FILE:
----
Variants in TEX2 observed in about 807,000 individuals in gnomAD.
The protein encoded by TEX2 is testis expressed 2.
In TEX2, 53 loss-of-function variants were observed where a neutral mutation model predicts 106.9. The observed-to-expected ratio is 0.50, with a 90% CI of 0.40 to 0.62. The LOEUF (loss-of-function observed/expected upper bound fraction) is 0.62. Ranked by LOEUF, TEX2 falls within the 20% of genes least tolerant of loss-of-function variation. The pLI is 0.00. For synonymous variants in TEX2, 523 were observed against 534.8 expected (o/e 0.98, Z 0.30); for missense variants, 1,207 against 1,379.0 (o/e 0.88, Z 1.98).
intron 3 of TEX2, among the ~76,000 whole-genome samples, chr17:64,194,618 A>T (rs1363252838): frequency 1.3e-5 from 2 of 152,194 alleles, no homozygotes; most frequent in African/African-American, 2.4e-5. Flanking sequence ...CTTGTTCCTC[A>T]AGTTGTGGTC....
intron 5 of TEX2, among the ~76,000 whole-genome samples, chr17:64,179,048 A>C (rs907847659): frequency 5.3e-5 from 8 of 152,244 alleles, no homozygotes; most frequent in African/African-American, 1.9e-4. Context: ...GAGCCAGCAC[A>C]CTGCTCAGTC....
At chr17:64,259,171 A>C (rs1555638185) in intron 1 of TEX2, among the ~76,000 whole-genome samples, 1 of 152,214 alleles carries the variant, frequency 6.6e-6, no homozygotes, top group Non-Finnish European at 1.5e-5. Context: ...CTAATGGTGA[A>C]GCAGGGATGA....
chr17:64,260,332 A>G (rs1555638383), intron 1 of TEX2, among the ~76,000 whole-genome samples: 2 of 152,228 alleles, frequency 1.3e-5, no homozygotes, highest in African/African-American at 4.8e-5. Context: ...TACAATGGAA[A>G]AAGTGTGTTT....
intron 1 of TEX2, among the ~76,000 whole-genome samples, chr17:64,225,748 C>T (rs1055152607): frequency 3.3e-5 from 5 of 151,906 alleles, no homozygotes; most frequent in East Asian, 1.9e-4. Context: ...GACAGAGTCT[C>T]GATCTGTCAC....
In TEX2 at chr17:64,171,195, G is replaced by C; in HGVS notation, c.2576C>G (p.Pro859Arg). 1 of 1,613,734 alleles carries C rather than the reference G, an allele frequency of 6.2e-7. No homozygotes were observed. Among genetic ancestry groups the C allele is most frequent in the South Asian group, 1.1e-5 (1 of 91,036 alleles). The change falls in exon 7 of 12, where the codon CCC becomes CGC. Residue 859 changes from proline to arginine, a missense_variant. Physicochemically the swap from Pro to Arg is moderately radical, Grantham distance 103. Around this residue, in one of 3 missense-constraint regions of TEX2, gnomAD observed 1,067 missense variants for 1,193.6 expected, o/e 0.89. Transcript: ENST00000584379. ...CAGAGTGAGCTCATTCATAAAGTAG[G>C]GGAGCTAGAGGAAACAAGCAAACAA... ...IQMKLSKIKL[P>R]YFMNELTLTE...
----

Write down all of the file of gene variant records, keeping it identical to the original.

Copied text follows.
Variants in TEX2 observed in about 807,000 individuals in gnomAD.
The protein encoded by TEX2 is testis expressed 2.
In TEX2, 53 loss-of-function variants were observed where a neutral mutation model predicts 106.9. The observed-to-expected ratio is 0.50, with a 90% CI of 0.40 to 0.62. The LOEUF (loss-of-function observed/expected upper bound fraction) is 0.62. Ranked by LOEUF, TEX2 falls within the 20% of genes least tolerant of loss-of-function variation. The pLI is 0.00. For synonymous variants in TEX2, 523 were observed against 534.8 expected (o/e 0.98, Z 0.30); for missense variants, 1,207 against 1,379.0 (o/e 0.88, Z 1.98).
intron 3 of TEX2, among the ~76,000 whole-genome samples, chr17:64,194,618 A>T (rs1363252838): frequency 1.3e-5 from 2 of 152,194 alleles, no homozygotes; most frequent in African/African-American, 2.4e-5. Flanking sequence ...CTTGTTCCTC[A>T]AGTTGTGGTC....
intron 5 of TEX2, among the ~76,000 whole-genome samples, chr17:64,179,048 A>C (rs907847659): frequency 5.3e-5 from 8 of 152,244 alleles, no homozygotes; most frequent in African/African-American, 1.9e-4. Context: ...GAGCCAGCAC[A>C]CTGCTCAGTC....
At chr17:64,259,171 A>C (rs1555638185) in intron 1 of TEX2, among the ~76,000 whole-genome samples, 1 of 152,214 alleles carries the variant, frequency 6.6e-6, no homozygotes, top group Non-Finnish European at 1.5e-5. Context: ...CTAATGGTGA[A>C]GCAGGGATGA....
chr17:64,260,332 A>G (rs1555638383), intron 1 of TEX2, among the ~76,000 whole-genome samples: 2 of 152,228 alleles, frequency 1.3e-5, no homozygotes, highest in African/African-American at 4.8e-5. Context: ...TACAATGGAA[A>G]AAGTGTGTTT....
intron 1 of TEX2, among the ~76,000 whole-genome samples, chr17:64,225,748 C>T (rs1055152607): frequency 3.3e-5 from 5 of 151,906 alleles, no homozygotes; most frequent in East Asian, 1.9e-4. Context: ...GACAGAGTCT[C>T]GATCTGTCAC....
In TEX2 at chr17:64,171,195, G is replaced by C; in HGVS notation, c.2576C>G (p.Pro859Arg). 1 of 1,613,734 alleles carries C rather than the reference G, an allele frequency of 6.2e-7. No homozygotes were observed. Among genetic ancestry groups the C allele is most frequent in the South Asian group, 1.1e-5 (1 of 91,036 alleles). The change falls in exon 7 of 12, where the codon CCC becomes CGC. Residue 859 changes from proline to arginine, a missense_variant. Physicochemically the swap from Pro to Arg is moderately radical, Grantham distance 103. Around this residue, in one of 3 missense-constraint regions of TEX2, gnomAD observed 1,067 missense variants for 1,193.6 expected, o/e 0.89. Transcript: ENST00000584379. ...CAGAGTGAGCTCATTCATAAAGTAG[G>C]GGAGCTAGAGGAAACAAGCAAACAA... ...IQMKLSKIKL[P>R]YFMNELTLTE...